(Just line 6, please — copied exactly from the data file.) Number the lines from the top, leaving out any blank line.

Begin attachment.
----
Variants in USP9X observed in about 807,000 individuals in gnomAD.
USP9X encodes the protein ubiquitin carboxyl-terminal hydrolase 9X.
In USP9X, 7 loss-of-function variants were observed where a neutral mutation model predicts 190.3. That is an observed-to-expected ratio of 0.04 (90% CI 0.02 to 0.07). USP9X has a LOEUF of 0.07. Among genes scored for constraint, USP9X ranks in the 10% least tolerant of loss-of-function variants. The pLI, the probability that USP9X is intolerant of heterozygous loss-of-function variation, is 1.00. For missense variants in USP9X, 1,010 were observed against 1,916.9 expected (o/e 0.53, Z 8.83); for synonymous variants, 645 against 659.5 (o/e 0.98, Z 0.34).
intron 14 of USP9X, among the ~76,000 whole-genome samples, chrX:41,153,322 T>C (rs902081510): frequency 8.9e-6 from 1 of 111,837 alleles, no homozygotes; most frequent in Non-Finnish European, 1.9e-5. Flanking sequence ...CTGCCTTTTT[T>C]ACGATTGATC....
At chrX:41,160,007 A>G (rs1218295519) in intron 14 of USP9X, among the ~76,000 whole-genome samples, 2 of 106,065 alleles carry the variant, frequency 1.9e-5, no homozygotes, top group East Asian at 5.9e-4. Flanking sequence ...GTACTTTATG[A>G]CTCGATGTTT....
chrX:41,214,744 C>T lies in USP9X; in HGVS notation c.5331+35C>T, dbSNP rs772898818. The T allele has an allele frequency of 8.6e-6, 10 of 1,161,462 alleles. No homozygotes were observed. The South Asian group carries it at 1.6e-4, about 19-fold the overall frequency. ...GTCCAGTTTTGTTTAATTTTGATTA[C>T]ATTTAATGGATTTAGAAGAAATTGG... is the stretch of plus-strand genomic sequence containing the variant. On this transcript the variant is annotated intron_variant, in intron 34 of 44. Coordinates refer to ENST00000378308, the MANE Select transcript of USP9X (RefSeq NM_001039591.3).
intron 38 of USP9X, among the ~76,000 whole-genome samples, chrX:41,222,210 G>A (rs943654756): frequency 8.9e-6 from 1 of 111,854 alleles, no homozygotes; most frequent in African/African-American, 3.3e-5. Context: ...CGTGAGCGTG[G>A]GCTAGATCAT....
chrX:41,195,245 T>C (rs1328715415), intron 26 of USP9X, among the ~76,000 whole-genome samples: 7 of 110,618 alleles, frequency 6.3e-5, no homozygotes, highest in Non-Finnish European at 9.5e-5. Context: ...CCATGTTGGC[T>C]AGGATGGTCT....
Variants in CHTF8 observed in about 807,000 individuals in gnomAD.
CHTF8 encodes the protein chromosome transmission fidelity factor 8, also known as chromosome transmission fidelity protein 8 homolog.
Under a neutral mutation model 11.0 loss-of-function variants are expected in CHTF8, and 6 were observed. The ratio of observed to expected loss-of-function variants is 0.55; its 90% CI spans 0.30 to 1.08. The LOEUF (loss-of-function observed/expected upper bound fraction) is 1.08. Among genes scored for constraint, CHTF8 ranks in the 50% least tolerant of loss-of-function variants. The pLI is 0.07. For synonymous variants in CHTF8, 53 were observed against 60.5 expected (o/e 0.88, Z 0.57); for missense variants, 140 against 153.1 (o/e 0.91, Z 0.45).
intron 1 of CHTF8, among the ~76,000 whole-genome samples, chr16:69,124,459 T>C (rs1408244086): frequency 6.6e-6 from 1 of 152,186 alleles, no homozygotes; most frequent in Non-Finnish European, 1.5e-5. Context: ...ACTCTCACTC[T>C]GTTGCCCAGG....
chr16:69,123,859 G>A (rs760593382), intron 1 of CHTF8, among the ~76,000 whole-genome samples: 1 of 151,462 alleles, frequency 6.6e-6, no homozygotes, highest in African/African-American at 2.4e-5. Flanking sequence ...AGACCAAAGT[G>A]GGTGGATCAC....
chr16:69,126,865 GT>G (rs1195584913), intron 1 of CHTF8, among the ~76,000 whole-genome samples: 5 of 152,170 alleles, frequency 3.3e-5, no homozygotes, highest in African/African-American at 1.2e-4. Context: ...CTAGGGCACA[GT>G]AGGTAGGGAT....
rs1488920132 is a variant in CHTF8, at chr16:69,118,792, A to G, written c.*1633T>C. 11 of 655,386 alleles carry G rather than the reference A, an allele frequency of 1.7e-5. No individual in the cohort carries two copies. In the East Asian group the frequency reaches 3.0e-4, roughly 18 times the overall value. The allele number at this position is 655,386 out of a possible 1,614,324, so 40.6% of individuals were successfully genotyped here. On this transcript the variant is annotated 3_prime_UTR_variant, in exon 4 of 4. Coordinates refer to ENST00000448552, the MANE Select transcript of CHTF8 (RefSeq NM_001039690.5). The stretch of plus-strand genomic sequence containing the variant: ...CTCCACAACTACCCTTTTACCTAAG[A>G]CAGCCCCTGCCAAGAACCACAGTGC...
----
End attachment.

chrX:41,214,744 C>T lies in USP9X; in HGVS notation c.5331+35C>T, dbSNP rs772898818. The T allele has an allele frequency of 8.6e-6, 10 of 1,161,462 alleles. No homozygotes were observed. The South Asian group carries it at 1.6e-4, about 19-fold the overall frequency. ...GTCCAGTTTTGTTTAATTTTGATTA[C>T]ATTTAATGGATTTAGAAGAAATTGG... is the stretch of plus-strand genomic sequence containing the variant. On this transcript the variant is annotated intron_variant, in intron 34 of 44. Coordinates refer to ENST00000378308, the MANE Select transcript of USP9X (RefSeq NM_001039591.3).